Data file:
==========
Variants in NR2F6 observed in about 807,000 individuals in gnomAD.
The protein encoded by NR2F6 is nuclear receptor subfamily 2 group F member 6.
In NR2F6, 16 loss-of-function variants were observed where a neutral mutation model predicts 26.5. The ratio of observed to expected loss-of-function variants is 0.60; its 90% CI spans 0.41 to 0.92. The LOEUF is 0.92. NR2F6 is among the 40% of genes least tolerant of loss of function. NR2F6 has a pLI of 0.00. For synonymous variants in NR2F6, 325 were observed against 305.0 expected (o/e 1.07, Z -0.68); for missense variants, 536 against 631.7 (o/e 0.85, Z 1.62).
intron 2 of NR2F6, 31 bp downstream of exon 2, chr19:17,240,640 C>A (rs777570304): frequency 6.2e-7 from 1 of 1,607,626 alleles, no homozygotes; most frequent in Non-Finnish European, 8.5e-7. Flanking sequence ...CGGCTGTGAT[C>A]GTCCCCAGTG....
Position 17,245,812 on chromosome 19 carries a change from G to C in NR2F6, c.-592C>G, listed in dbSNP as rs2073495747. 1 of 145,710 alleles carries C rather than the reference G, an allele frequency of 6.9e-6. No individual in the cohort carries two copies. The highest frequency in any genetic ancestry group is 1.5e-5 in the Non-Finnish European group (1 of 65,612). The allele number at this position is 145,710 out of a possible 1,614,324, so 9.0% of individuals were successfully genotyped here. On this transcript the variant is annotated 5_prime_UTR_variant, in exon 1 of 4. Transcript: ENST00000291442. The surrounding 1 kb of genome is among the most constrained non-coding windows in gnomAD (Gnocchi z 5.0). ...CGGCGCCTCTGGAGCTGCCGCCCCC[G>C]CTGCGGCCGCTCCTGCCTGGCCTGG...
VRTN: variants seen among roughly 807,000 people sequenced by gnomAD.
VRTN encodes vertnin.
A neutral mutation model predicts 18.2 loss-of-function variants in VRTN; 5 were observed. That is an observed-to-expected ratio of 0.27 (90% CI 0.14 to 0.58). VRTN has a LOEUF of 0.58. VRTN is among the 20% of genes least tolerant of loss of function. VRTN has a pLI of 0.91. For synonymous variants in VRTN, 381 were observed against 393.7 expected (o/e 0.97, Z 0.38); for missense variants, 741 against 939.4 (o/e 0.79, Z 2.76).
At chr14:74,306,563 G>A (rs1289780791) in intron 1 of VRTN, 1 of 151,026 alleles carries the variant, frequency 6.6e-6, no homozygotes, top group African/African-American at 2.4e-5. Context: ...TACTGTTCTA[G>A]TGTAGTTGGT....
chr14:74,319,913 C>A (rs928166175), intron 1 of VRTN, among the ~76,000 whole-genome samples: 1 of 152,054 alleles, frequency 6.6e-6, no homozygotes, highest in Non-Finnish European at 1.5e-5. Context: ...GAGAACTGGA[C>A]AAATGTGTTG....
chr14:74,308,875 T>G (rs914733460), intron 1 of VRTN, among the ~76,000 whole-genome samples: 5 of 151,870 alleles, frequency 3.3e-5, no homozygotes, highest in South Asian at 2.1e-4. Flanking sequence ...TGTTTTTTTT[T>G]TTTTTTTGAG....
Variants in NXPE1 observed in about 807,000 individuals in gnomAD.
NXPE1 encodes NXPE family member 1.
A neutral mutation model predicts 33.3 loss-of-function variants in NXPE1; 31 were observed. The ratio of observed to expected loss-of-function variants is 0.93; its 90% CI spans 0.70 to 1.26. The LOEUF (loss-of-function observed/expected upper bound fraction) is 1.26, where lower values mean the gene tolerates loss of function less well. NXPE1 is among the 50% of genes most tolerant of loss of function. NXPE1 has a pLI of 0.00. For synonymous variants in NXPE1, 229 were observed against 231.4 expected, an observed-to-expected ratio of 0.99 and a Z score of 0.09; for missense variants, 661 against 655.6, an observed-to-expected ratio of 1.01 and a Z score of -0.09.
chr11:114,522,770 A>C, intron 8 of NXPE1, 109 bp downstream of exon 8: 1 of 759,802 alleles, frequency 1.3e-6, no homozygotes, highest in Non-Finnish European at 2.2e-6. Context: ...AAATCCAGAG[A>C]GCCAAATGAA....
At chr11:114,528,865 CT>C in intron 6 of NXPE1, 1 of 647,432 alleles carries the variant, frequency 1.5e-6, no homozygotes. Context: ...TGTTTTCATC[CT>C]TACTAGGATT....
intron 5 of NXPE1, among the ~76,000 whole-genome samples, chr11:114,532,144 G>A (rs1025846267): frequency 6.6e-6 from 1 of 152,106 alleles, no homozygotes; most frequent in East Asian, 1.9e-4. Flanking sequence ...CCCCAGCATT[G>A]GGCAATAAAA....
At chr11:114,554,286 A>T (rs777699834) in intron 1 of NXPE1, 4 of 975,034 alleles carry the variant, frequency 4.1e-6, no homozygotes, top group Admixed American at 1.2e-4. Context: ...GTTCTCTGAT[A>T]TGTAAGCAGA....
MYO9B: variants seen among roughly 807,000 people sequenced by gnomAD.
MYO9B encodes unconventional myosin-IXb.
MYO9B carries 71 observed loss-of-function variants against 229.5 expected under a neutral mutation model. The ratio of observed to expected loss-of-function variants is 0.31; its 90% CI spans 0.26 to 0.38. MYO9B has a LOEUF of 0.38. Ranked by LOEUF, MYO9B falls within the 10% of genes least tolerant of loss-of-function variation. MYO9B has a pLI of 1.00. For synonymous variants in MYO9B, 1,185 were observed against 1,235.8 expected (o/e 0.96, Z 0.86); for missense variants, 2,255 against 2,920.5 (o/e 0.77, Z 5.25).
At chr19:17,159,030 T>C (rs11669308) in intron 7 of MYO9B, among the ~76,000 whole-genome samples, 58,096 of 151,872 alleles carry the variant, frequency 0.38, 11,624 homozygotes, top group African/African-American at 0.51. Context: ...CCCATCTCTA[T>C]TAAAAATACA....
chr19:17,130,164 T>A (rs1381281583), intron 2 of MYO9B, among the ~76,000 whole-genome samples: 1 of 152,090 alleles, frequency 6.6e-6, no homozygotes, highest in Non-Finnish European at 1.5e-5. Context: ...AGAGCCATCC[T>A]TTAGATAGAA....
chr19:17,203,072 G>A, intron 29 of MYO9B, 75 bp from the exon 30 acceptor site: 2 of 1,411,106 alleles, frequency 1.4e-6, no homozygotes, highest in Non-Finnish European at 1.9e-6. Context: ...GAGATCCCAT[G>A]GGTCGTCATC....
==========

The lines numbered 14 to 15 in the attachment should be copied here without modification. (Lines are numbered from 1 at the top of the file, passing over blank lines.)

A neutral mutation model predicts 33.3 loss-of-function variants in NXPE1; 31 were observed. The ratio of observed to expected loss-of-function variants is 0.93; its 90% CI spans 0.70 to 1.26. The LOEUF (loss-of-function observed/expected upper bound fraction) is 1.26, where lower values mean the gene tolerates loss of function less well. NXPE1 is among the 50% of genes most tolerant of loss of function. NXPE1 has a pLI of 0.00. For synonymous variants in NXPE1, 229 were observed against 231.4 expected, an observed-to-expected ratio of 0.99 and a Z score of 0.09; for missense variants, 661 against 655.6, an observed-to-expected ratio of 1.01 and a Z score of -0.09.
chr11:114,522,770 A>C, intron 8 of NXPE1, 109 bp downstream of exon 8: 1 of 759,802 alleles, frequency 1.3e-6, no homozygotes, highest in Non-Finnish European at 2.2e-6. Context: ...AAATCCAGAG[A>C]GCCAAATGAA....